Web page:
###

The Kids Count in Michigan project is part of a broad national effort to improve conditions for children and their families. Funding for the project is provided by the Annie E. Casey Foundation, The Max M. and Marjorie S. Fisher Foundation, The Skillman Foundation, Steelcase Foundation, Frey Foundation, Michigan Education Association, American Federation of Teachers Michigan, Blue Cross Blue Shield of Michigan Foundation, United Way for Southeastern Michigan, DTE Energy Foundation, Ford Motor Company Fund, Battle Creek Community Foundation, and the Fetzer Institute. More state and local data are available at the Kids Count Data Center, www.datacenter.kidscount.org.

Kresge grant helps League redefine health policy work in Michigan and Detroit

For Immediate Release
March 31, 2017

Contact:
Alex Rossman
arossman@mlpp.org
517-487-5436

$600,000 grant funded two new health policy analyst positions, helps League improve integration of state health and human services

LANSING—A $600,000 grant from The Kresge Foundation awarded to the Michigan League for Public Policy will help transform the League’s health policy work in Detroit and around the state. The funding enabled the League to hire two new health policy analysts, one focusing on Medicaid and the other specializing in the social determinants of health.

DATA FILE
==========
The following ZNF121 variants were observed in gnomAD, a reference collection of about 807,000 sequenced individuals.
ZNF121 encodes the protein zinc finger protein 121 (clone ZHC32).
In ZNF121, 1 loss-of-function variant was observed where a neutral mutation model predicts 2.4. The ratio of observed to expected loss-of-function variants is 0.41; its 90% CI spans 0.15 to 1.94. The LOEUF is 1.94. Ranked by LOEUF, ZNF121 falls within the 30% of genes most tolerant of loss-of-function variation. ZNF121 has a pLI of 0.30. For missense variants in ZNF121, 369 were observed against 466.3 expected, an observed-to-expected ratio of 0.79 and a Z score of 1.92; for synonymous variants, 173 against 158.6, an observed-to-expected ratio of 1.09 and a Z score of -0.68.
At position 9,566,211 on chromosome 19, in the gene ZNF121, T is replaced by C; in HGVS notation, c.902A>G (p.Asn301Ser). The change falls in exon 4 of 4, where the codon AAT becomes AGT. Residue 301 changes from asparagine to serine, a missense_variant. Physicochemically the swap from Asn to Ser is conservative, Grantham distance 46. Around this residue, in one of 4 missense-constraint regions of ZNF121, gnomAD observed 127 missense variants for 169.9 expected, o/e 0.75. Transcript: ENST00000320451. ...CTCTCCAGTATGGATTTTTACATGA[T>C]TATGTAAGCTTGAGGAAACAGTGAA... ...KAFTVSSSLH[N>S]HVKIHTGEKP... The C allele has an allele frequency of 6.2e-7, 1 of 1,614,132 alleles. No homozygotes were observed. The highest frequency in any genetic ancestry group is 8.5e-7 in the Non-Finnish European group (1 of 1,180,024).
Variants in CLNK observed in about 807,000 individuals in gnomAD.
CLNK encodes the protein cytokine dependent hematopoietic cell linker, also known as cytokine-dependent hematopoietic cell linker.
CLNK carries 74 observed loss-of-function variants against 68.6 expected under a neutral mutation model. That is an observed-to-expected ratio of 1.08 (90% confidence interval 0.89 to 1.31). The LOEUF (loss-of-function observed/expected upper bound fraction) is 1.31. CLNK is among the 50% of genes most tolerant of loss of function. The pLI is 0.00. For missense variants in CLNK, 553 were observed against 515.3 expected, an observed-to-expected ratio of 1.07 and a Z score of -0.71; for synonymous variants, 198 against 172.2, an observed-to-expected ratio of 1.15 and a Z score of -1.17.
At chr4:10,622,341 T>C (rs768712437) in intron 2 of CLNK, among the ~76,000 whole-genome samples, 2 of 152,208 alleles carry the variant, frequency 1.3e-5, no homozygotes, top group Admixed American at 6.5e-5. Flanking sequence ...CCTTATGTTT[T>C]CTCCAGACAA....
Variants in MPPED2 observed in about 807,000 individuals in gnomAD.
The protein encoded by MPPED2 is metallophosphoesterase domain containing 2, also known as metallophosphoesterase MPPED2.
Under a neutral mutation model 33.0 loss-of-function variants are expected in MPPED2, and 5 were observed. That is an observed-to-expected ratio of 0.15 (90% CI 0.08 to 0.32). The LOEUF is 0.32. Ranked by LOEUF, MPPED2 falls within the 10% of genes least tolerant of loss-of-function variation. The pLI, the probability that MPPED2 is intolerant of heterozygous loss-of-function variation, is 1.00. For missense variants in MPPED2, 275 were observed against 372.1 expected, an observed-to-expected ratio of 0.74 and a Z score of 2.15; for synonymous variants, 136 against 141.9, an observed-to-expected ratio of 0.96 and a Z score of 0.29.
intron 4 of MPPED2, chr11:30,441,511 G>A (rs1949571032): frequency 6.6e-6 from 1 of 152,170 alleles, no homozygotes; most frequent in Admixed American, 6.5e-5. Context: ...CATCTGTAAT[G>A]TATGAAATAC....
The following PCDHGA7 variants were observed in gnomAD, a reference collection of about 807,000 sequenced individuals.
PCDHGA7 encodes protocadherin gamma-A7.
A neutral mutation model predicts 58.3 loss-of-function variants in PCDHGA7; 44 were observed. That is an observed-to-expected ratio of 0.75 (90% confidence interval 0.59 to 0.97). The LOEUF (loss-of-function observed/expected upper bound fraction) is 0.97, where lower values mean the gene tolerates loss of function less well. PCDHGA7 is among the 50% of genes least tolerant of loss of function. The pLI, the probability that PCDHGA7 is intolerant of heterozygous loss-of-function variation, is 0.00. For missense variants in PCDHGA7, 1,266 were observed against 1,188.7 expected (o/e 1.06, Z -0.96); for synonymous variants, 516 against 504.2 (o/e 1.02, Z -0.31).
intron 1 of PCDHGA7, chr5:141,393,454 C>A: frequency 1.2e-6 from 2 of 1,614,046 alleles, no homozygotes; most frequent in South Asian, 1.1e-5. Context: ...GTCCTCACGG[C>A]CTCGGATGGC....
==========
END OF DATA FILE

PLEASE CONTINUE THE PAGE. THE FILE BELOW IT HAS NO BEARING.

“These policy analysts provide valuable expertise regarding additional opportunities to integrate health and human services policies that will lead to great health and well-being for Michiganders,” said David Fukuzawa, managing director for The Kresge Foundation’s health and human services programs. “The League will serve as a valuable resource for Michigan’s Department of Health and Human Services as the department continues to develop integrated services for the state.”

The funding from The Kresge Foundation will support the League’s research and analysis examining the current health and well-being of Detroiters and Michigan residents. The League will identify gaps in state services and support systems and create specific policy recommendations to address those gaps. This work by the League’s two new health policy analysts will advance public policy change by supporting the integration of health and human services and helping lawmakers, state department officials and service providers better understand the connection between health and other factors.